Swimming Safety Tips for the Summer - Home

Swimming Safety Tips for the Summer

Date: June 14, 2017

With the Summer soon approaching, we are all getting excited about getting into that swimming pool.  Swimming is the second-most popular physical activity in the country (walking is first) and the most popular among children.  But swimming can also be associated with drowning, injury, and the spread of infectious diseases if good hygiene is not practiced.

 

Here are some things to keep in mind regarding swimming and swimming pools:

  • Swimmers who are ill with diarrhea and children who are not yet toilet trained can contaminate the water if they have an "accident" in the pool. Swallowing, breathing, or having contact with contaminated water, even just a small amount, can cause recreational water illnesses (RWIs).
  • RWIs cause a wide variety of symptoms, including skin, ear, respiratory, eye, and wound infections. The most commonly reported RWI is diarrhea.  Children, pregnant women and persons with compromised immune systems are at greatest risk from infection.
  • Chlorine in swimming pools kills the germs that may make people sick, but it takes time. In properly disinfected pools chlorine kills most germs that cause RWIs in less than an hour. But some germs can survive for days, even in a pool that is properly disinfected.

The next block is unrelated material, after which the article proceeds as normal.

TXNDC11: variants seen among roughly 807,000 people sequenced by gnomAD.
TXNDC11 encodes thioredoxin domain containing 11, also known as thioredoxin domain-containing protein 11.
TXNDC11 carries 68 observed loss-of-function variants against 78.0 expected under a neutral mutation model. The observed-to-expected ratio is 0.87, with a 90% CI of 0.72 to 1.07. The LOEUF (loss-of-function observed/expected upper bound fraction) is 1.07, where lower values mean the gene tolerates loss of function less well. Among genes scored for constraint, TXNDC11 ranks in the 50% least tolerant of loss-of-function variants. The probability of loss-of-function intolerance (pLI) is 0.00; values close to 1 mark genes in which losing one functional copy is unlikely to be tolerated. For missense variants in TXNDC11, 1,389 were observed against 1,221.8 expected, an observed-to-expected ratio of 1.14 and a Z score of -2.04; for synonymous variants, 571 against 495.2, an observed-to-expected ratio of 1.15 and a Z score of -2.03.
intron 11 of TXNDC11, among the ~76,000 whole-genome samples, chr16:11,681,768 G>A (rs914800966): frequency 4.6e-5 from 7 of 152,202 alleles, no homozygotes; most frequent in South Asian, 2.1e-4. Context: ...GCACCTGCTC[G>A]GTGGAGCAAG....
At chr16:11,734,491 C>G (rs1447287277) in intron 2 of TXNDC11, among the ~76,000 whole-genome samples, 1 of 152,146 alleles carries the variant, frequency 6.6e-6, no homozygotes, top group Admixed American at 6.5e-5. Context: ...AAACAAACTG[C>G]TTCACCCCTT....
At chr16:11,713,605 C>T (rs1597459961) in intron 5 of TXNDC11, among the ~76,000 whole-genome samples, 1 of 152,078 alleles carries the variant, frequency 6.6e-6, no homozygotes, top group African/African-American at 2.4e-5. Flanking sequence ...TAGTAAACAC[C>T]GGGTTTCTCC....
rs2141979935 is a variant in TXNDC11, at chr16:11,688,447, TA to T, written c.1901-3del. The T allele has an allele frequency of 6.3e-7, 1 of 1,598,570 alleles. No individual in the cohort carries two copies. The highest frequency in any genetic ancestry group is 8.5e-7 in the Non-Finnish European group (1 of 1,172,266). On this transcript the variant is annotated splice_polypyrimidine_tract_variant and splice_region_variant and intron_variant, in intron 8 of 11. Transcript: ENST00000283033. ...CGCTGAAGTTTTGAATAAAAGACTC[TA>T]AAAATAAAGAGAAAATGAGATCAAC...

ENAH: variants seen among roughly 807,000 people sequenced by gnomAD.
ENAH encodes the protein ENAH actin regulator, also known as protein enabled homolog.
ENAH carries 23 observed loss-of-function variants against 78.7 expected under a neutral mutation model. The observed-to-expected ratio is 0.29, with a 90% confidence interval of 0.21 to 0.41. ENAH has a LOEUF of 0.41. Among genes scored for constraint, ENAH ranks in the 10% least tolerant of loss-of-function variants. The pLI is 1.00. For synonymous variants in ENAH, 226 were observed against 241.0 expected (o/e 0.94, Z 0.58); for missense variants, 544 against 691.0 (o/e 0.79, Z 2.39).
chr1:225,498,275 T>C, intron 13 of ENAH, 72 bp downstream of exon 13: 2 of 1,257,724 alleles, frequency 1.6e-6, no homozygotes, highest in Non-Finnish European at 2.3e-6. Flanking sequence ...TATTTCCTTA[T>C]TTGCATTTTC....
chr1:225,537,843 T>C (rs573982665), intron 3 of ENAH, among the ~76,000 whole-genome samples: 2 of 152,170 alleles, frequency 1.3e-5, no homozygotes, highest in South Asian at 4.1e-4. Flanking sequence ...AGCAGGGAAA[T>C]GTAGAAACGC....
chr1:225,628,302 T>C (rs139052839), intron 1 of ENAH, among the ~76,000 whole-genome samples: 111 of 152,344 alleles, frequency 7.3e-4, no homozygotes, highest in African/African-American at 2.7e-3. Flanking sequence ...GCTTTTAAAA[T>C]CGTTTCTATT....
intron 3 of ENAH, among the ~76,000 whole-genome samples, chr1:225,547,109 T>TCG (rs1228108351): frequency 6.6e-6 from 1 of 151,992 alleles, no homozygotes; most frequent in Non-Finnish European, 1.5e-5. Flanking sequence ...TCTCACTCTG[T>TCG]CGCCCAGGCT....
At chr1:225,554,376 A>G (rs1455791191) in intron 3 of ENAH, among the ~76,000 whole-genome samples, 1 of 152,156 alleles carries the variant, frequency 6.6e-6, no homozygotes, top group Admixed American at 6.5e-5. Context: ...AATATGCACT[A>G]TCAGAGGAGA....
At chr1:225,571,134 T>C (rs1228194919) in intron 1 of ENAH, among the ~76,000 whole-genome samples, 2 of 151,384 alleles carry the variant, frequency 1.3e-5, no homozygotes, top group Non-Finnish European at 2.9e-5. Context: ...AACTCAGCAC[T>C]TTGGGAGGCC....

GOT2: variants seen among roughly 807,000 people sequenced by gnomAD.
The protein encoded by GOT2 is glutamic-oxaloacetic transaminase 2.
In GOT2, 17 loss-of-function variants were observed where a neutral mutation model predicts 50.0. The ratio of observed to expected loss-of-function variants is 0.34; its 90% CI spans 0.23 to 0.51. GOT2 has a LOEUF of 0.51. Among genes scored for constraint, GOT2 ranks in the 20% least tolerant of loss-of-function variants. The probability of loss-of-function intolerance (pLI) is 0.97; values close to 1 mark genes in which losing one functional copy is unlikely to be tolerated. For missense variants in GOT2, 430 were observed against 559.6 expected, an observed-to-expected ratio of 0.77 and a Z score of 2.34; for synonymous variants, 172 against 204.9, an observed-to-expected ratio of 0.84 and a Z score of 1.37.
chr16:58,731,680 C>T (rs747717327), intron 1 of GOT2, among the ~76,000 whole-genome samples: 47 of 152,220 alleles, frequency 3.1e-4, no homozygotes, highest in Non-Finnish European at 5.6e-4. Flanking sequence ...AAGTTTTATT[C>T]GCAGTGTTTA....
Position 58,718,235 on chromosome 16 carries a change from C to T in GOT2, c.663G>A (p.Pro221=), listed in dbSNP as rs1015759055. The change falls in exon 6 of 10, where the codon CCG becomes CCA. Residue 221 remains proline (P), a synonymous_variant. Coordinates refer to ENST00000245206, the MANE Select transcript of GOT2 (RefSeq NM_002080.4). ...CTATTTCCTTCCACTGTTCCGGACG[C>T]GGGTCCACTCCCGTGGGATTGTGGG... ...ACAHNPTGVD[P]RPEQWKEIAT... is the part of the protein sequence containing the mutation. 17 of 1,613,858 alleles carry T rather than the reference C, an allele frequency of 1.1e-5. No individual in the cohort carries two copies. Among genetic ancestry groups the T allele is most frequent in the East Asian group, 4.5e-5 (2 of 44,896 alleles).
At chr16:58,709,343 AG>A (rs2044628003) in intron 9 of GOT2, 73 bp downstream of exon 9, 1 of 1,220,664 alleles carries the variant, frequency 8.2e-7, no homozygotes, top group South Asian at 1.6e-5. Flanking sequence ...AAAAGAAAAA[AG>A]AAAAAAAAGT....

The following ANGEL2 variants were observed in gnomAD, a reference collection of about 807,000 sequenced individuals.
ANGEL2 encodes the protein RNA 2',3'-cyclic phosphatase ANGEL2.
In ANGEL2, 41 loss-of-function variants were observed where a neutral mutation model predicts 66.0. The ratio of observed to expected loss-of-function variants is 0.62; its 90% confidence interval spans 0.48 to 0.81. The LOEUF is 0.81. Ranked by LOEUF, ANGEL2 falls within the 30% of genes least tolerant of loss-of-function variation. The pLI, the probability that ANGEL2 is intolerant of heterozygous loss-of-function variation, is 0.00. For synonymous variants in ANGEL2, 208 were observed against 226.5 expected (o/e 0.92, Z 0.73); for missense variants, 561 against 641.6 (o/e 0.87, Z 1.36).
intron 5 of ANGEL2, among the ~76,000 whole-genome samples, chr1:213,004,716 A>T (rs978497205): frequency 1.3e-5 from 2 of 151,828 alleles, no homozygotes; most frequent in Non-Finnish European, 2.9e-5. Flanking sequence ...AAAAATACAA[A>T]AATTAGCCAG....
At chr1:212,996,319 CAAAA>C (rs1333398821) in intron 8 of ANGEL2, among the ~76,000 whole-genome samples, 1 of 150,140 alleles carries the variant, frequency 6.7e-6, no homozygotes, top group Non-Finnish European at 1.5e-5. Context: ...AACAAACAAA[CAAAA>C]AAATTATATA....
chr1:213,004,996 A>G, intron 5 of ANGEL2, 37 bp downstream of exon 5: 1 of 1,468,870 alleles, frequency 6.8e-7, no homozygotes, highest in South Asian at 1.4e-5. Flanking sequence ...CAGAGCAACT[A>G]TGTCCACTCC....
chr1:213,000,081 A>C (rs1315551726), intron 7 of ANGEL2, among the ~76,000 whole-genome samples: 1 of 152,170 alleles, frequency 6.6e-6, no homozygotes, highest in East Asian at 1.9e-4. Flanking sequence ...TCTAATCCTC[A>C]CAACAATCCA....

• If your pool is closed because of an accident, it is with your protection in mind. The length of time a pool is closed is best determined by the certified pool operator in communication with the local health department official.

 

With your help, RWIs can be prevented and pool closures minimized.  Pool patrons can help by following the “Six P-L-E-As for Protection Against Recreational Water Illnesses.

  • Please don’t swim when you have diarrhea… this is especially important for kids in diapers
  • Please don’t swallow the pool water
  • Please practice good hygiene and wash thoroughly after using the toilet
  • Please take your kids on bathroom breaks often
  • Please change diapers in a bathroom and not at poolside
  • Please wash your child thoroughly (especially the rear end) with soap and water before swimming

 

Swim diapers combined with rubber pants are strongly recommended for young children.  For older children frequent reminders on bathroom breaks would greatly help minimize the potential for an “accident.” Good hygiene and good communication with your children are the keys to water quality.

 

You can also go to the following websites for other swimming pool safety information:    

http://www.cdc.gov/healthywater/swimming/

http://kidshealth.org/kid/watch/out/swim.html

https://www.cdc.gov/healthywater/swimming/residential/index.html

https://www.cdc.gov/healthywater/swimming/swimmers/index.html